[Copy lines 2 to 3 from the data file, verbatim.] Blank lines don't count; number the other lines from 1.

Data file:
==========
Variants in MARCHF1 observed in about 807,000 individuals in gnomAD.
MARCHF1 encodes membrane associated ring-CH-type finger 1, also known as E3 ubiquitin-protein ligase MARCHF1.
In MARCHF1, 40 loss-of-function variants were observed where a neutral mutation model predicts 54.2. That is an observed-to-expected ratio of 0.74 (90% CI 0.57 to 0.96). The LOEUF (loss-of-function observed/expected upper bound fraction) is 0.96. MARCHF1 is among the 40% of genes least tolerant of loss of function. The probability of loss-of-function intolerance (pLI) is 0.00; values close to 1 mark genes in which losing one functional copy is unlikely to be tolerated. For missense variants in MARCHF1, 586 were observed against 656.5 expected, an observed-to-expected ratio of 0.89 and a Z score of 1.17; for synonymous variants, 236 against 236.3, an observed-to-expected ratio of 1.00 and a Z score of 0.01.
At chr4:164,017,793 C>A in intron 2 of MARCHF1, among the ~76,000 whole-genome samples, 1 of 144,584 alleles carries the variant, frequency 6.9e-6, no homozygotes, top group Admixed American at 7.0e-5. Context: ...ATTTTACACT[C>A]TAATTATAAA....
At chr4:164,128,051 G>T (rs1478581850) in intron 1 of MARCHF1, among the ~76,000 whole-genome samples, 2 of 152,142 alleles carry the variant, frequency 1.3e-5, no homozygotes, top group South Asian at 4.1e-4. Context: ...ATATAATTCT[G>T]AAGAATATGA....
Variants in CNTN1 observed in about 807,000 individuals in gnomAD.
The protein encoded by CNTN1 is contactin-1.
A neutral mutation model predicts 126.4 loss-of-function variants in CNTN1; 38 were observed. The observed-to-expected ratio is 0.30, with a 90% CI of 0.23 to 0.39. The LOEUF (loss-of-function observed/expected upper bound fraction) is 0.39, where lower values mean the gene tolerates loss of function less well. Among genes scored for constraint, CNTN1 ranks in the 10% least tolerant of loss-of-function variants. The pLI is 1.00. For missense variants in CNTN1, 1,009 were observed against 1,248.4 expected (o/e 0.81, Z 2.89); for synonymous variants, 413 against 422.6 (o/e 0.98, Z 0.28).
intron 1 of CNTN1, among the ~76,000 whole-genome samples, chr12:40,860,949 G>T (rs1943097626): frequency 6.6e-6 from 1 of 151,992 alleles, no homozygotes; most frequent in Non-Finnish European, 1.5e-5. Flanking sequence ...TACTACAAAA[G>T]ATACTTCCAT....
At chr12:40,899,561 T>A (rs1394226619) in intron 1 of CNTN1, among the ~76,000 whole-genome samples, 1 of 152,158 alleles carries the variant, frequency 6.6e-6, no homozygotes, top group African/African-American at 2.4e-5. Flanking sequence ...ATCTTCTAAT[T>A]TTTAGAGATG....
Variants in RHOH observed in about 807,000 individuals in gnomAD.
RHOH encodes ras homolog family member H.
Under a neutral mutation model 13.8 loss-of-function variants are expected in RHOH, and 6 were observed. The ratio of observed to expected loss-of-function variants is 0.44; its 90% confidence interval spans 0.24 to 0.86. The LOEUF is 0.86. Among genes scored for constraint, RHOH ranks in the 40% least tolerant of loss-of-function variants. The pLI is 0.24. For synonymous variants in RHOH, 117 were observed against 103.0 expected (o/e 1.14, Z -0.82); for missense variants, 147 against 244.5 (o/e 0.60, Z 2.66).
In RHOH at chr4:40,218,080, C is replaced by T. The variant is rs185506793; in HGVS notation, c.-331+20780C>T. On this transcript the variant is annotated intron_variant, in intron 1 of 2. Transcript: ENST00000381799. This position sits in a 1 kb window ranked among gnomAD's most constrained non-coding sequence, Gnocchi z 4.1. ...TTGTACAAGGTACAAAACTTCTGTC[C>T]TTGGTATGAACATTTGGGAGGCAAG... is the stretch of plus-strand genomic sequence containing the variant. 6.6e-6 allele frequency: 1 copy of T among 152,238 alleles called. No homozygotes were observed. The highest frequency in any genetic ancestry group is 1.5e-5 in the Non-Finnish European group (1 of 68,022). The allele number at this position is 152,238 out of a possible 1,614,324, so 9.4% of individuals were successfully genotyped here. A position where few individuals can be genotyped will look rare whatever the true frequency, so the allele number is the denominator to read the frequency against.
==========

MARCHF1 encodes membrane associated ring-CH-type finger 1, also known as E3 ubiquitin-protein ligase MARCHF1.
In MARCHF1, 40 loss-of-function variants were observed where a neutral mutation model predicts 54.2. That is an observed-to-expected ratio of 0.74 (90% CI 0.57 to 0.96). The LOEUF (loss-of-function observed/expected upper bound fraction) is 0.96. MARCHF1 is among the 40% of genes least tolerant of loss of function. The probability of loss-of-function intolerance (pLI) is 0.00; values close to 1 mark genes in which losing one functional copy is unlikely to be tolerated. For missense variants in MARCHF1, 586 were observed against 656.5 expected, an observed-to-expected ratio of 0.89 and a Z score of 1.17; for synonymous variants, 236 against 236.3, an observed-to-expected ratio of 1.00 and a Z score of 0.01.